Commencing January 2018, Professor Trevor Kilpatrick, The Florey Institute of Neuroscience and Mental Health, was awarded a 3-year Project Grant titled, “Enhancing Myelin Repair for Benefit in Multiple Sclerosis” to which the Trish MS Research Foundation contributed.
Despite some unavoidable delays resulting from the extended Melbourne lockdown period, important findings have been made.
In multiple sclerosis (MS) the protective sheath around nerves, known as myelin, is damaged and lost. This loss disrupts electrical impulses and exposes nerves to immune attack, leading to their death. Current MS therapies suppress the immune response but do not promote repair or prevent disease progression. Professor Kilpatrick and his team have shown that a protein known as Tyro3 improves myelin production and repair. The goal of this study is to establish how Tyro3 works, and the comparative benefit it is likely to provide. In an important finding, we have determined that another molecule called BDNF, which is also known to promote myelin repair, employs different signalling pathways to Tyro3, suggesting the two molecules could be used in combination for greater improvement.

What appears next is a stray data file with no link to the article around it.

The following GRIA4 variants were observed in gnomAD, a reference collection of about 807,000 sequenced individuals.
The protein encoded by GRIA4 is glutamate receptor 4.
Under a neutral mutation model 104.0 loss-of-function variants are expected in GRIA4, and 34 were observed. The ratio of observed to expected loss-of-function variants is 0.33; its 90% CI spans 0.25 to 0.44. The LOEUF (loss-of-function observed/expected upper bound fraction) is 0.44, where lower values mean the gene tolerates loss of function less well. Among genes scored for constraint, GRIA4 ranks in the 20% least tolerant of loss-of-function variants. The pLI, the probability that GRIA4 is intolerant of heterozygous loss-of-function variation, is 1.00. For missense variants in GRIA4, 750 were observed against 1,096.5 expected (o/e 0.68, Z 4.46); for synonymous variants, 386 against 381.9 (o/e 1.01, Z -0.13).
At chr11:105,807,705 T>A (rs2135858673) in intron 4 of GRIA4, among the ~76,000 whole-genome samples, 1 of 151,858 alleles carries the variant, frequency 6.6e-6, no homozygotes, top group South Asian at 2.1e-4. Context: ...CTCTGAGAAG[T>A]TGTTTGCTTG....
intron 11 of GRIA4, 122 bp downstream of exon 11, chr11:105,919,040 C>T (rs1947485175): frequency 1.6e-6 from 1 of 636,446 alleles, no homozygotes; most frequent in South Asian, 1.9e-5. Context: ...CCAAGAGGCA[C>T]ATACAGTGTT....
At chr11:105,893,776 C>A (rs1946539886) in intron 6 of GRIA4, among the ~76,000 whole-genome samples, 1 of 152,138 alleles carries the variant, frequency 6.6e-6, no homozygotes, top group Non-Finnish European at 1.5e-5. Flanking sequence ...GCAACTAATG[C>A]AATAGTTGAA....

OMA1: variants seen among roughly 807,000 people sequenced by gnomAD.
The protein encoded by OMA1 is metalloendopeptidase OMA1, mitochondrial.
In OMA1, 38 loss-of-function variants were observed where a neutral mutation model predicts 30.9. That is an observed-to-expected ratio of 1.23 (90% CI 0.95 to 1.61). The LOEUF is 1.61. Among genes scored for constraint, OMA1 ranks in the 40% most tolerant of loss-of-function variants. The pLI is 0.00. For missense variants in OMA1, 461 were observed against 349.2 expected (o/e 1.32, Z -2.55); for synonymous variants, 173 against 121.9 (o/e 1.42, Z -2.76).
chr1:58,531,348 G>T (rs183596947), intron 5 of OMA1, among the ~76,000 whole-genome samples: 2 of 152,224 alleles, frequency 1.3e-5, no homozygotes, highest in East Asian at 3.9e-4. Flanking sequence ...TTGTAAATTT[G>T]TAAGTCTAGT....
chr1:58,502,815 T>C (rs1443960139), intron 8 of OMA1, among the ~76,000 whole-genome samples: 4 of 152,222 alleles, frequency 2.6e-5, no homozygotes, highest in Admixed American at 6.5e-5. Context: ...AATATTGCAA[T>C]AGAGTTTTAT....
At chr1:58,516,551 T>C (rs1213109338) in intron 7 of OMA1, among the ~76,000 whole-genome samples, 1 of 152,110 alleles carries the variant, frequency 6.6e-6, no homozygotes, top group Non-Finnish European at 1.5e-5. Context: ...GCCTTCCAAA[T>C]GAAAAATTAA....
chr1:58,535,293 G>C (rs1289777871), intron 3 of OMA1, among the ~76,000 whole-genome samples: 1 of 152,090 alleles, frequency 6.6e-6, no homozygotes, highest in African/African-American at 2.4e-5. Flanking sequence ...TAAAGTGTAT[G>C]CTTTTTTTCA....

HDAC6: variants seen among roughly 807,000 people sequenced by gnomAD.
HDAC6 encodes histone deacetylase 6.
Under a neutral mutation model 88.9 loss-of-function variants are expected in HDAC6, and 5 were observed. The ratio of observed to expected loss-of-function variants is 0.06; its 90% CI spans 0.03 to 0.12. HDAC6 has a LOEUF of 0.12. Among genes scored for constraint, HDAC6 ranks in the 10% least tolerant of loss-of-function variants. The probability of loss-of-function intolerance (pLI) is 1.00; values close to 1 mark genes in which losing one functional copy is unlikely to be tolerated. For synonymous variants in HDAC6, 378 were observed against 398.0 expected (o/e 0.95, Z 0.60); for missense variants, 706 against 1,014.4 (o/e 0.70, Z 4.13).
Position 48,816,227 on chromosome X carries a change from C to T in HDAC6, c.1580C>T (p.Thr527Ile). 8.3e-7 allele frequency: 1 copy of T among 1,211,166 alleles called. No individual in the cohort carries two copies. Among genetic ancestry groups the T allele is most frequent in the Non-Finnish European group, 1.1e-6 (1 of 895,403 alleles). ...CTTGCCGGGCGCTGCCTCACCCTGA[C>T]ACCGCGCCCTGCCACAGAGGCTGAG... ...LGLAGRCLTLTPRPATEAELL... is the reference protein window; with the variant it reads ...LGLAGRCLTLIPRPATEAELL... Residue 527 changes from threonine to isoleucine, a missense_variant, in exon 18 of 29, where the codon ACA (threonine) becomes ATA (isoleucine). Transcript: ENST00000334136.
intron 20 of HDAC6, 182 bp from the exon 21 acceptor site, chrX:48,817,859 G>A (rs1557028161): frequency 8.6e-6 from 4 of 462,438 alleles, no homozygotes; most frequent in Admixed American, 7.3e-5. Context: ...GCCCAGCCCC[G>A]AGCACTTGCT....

We have also found that the visual system is dramatically disrupted in the absence of Tyro3. This may be because of the loss of myelin, or it may be more directly because of the loss of Tyro3 in nerves. We are now looking to answer this question, as it may be that therapies designed to activate Tyro3 may also provide direct benefit to nerves. This is important as ultimately it is damage to nerves which leads to disability in MS.
A collaborative interaction with Professor David Grayden’s group in the School of Engineering at the University of Melbourne was established and manuscripts have been published, submitted for publication and oral and poster presentations invited.